The Financial Crisis: Perspectives from China and India

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James Fallows' interview with China's Gao Xiqing, president of the China Investment Corporation is an eye-opener:

- "People, especially Americans, started believing that they can live on other people’s money. And more and more so. First other people’s money in your own country. And then the savings rate comes down, and you start living on other people’s money from outside. At first it was the Japanese. Now the Chinese and the Middle Easterners.

- "If you look at every one of these [derivative] products, they make sense. But in aggregate, they are bullshit. They are crap. They serve to cheat people.

- "I have to say it: you have to do something about pay in the financial system. People in this field have way too much money. And this is not right.

- "Today when we look at all the markets, the U.S. still is probably the most viable, the most predictable. I was trained as a lawyer, and predictability is always very important for me.

- "Americans are not sensitive in that regard. I mean, as a whole. The simple truth today is that your economy is built on the global economy. And it’s built on the support, the gratuitous support, of a lot of countries. So why don’t you come over and … I won’t say kowtow [with a laugh], but at least, be nice to the countries that lend you money.

- "Talk to the Chinese! Talk to the Middle Easterners! And pull your troops back! Take the troops back, demobilize many of the troops, so that you can save some money rather than spending $2 billion every day on them. And then tell your people that you need to save, and come out with a long-term, sustainable financial policy."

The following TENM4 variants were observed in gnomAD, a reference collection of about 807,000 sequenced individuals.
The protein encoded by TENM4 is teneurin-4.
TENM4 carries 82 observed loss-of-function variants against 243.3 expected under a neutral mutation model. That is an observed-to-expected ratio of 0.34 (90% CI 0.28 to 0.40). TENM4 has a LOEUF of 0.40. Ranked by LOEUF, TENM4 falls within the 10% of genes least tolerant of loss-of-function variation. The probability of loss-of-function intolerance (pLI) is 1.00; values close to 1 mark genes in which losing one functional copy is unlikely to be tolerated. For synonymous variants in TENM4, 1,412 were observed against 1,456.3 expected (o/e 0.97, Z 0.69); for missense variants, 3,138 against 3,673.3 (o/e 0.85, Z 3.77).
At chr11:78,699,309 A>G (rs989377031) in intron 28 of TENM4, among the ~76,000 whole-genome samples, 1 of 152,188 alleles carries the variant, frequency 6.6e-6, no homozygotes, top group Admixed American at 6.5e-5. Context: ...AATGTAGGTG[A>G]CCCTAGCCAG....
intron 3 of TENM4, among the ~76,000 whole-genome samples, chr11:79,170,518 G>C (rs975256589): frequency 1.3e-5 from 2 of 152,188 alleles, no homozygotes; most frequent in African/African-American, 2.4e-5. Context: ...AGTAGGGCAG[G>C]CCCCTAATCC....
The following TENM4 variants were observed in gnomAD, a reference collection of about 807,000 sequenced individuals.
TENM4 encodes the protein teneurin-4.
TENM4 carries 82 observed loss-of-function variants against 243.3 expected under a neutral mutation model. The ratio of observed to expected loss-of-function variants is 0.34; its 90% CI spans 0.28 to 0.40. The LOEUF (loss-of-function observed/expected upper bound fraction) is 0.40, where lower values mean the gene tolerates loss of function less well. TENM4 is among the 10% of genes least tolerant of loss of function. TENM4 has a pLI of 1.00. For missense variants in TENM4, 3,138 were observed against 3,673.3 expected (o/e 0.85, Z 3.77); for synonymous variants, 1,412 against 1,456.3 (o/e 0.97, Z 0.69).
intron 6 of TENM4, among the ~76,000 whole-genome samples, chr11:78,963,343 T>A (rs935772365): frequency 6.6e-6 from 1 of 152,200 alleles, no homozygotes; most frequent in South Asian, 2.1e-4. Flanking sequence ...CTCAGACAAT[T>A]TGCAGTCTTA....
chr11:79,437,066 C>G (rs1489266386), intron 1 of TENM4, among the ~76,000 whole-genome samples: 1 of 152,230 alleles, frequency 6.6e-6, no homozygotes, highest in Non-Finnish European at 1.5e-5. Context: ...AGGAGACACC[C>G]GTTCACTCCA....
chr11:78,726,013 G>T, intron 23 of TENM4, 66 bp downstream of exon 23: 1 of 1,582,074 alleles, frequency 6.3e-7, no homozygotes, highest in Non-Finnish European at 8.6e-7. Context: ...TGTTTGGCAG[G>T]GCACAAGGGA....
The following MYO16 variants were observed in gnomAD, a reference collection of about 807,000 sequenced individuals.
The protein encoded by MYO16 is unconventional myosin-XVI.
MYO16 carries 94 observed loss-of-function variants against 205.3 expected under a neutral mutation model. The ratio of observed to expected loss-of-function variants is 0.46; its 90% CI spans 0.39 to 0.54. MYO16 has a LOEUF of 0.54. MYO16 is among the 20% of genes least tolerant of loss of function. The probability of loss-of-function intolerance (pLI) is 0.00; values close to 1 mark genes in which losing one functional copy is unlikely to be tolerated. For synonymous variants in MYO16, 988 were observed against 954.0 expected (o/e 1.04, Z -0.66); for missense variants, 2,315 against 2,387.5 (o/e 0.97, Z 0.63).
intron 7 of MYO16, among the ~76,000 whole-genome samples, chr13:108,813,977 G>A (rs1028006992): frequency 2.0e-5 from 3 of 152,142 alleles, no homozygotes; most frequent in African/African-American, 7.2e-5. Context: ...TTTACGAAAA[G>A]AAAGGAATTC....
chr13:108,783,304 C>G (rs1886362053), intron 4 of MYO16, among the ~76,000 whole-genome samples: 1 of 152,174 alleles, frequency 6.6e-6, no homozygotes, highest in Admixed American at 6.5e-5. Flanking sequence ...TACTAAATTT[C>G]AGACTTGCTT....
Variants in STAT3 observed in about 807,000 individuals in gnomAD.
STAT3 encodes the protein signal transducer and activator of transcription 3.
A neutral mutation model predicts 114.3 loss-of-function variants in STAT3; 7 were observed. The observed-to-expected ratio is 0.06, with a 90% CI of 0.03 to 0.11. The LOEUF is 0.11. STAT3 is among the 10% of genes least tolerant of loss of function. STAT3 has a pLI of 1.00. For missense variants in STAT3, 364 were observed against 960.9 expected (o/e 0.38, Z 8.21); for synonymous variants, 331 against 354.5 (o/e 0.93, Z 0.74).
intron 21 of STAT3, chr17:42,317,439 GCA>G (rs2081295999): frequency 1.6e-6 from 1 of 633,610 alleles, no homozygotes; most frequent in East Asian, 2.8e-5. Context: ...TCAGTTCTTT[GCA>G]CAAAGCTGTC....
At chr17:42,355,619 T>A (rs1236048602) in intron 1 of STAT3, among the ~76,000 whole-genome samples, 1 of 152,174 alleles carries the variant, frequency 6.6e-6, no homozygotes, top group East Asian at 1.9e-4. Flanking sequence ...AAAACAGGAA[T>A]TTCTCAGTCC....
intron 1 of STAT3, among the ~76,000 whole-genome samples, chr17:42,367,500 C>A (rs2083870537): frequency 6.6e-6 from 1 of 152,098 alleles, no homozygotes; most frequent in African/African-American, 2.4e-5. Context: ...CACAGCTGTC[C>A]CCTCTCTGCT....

and then there's the Indian perspective:

- “In India, we never had anything close to the subprime loan,” said Chandra Kochhar, the chief financial officer of India’s largest private bank, Icici. (A few days after I spoke to her, Ms. Kochhar was named the bank’s new chief executive, in a move that had long been anticipated.) “All lending to individuals is based on their income. That is a big difference between your banking system and ours.” She continued: “Indian banks are not levered like American banks. Capital ratios are 12 and 13 percent, instead of 7 or 8 percent. All those exotic structures like C.D.O. and securitizations are a very tiny part of our banking system. So a lot of the temptations didn’t exist.”

- " “We recognize it as a problem of plenty. It was perpetuated by greedy bankers, whether investment bankers or commercial bankers. The greed to make money is the impression it has made here. Anytime they wanted a loan, people just dipped into their home A.T.M. It was like money was on call.”

Serious business this.

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This page contains a single entry by Christian Sarkar published on December 21, 2008 10:45 PM.

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